Trollinger and his wife Susan have visited the ark several times, most recently last month. He writes, “After our March visit to the Ark we drove through Williamstown. Six years after the tourist site was constructed, and as documented by the wonderful film, We Believe in Dinosaurs, Ark Encounter has had little noticeable economic impact on the small town that provided the tourist site with such gifts.”

What about all those jobs Ham promised? Apparently, local residents either don’t want them or don’t qualify for them. (Ark Encounter employees must sign a statement of faith saying they agree with AiG’s fundamentalist religious views.)  Dan Phelps, president of the Kentucky Paleontological Society, keeps a close eye and Ham’s doings and pointed out recently that Ham has proposed hiring students from nearby Christian colleges and is raising money to build housing for them on site.

To sum up: Taxpayers in Kentucky were forced to prop up an attraction that promotes fundamentalist Christianity and pseudoscience. The promised economic benefits have not materialized.

We hate to say we told you so, but….

Ark Encounter: Not Sinking, but Not Close to Living Up to Projections

Ark Encounter: Not Sinking, but Not Close to Living Up to Projections

by William Trollinger

Exterior of Ark Encounter. Image by Susan L. Trollinger (March 15, 2022).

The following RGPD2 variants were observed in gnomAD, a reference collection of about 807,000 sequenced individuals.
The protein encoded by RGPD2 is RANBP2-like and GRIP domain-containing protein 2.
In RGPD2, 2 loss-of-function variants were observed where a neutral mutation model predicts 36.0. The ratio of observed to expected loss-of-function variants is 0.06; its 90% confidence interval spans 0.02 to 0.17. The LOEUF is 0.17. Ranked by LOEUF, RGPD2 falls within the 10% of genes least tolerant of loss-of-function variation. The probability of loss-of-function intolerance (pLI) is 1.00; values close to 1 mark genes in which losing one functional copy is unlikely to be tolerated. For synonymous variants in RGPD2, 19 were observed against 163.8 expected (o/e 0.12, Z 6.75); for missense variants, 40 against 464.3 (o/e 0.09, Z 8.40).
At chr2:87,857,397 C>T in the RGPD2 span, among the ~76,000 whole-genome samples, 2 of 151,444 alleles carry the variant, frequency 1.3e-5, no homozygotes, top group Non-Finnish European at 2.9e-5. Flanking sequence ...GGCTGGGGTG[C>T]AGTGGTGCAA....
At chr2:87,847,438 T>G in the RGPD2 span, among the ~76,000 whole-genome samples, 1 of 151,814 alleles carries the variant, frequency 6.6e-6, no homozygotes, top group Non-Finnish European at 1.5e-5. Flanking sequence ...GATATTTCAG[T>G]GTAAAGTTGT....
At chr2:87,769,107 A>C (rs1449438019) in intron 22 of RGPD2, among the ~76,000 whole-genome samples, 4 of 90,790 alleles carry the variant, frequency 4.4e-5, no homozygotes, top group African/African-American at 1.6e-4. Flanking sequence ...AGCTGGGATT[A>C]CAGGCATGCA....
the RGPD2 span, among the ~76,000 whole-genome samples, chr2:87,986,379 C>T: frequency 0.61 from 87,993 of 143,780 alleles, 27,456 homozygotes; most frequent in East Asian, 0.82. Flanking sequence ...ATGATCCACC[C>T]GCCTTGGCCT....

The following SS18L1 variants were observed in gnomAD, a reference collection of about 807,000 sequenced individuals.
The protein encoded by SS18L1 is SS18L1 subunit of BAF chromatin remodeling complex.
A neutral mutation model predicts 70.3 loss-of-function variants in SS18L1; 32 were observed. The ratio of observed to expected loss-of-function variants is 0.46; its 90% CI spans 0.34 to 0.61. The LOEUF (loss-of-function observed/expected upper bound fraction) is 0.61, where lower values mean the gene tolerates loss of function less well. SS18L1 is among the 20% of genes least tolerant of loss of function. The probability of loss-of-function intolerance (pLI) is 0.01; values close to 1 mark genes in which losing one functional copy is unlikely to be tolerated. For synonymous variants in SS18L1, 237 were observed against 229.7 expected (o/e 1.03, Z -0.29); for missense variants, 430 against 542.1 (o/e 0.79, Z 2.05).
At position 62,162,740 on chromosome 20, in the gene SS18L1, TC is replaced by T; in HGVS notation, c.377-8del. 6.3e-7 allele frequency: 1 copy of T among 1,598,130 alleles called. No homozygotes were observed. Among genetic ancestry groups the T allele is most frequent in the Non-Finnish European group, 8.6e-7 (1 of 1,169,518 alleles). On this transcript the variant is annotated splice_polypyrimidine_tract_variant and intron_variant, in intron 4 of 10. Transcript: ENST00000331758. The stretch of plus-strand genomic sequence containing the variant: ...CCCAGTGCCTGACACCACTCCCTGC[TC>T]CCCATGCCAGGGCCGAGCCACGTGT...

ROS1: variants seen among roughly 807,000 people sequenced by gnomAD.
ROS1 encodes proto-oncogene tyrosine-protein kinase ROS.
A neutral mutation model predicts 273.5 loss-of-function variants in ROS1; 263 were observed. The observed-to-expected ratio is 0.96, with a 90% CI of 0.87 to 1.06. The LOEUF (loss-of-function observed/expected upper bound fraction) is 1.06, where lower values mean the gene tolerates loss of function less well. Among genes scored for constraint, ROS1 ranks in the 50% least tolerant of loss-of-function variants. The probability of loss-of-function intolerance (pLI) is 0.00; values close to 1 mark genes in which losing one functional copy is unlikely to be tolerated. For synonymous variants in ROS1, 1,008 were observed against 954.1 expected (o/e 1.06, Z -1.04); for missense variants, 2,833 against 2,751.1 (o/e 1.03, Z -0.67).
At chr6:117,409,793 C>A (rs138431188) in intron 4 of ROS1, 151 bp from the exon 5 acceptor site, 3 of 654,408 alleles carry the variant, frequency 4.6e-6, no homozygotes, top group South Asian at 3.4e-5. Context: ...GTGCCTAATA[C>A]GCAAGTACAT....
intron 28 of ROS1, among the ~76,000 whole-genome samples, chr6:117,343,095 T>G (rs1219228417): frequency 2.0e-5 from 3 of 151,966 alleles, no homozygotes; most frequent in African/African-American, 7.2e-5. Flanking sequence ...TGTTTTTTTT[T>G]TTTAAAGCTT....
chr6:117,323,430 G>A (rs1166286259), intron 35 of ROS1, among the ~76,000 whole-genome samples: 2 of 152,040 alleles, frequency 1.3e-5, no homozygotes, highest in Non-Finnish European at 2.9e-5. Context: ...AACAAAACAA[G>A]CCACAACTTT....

A few weeks ago – during our spring break at the University of Dayton – we visited Ark Encounter. It was our ninth or tenth visit since the Ark opened in July, 2016. In most ways the demographics of the visitors remain the same. Overwhelmingly (but not completely) the guests were white. There were families with young children in tow, with some obvious homeschool “science” education taking place. There were youth from at least two fundamentalist schools or churches; given the number of T-shirts and caps that referred to farming, it was clear that they hailed from the rural South or Midwest. And as is almost always the case, there was a contingent of Amish tourists.

For a Tuesday morning in mid-March, there was a sizable crowd buying tickets and lining up to board one of the shuttles taking folks from the parking lot to the gigantic non-seaworthy boat. 

And yet, the attendance numbers at Ark Encounter continue to fall short of the projections put forth by Ken Ham and Answers in Genesis (AiG). 

As we have noted many times here, in 2013 the nearby town of Williamstown issued $62m of junk bonds to get the Ark project off the ground, so to speak. This deal was made even sweeter by the provision that 75% of what Ark Encounter would have paid in property taxes would instead go to paying off the loan.To secure such a sweet deal, Ham and his colleagues came up with a feasibility study claiming that the Ark would attract 1.2-2.0 million visitors in its first year of existence, with annual attendance increases of 7% per year over the next decade. 

How does actual Ark Encounter attendance measure up?

Every month the doggedly persistent Dan Phelps (founder and president of the Kentucky Paleontological Society) asks Williamstown officials for the “safety assessment form,” i.e. the total amount raised that month from the 50 cent “safety fee” that is added to each Ark ticket. With this information we can get a very good idea of Ark attendance (see the specific month-by-month numbers below).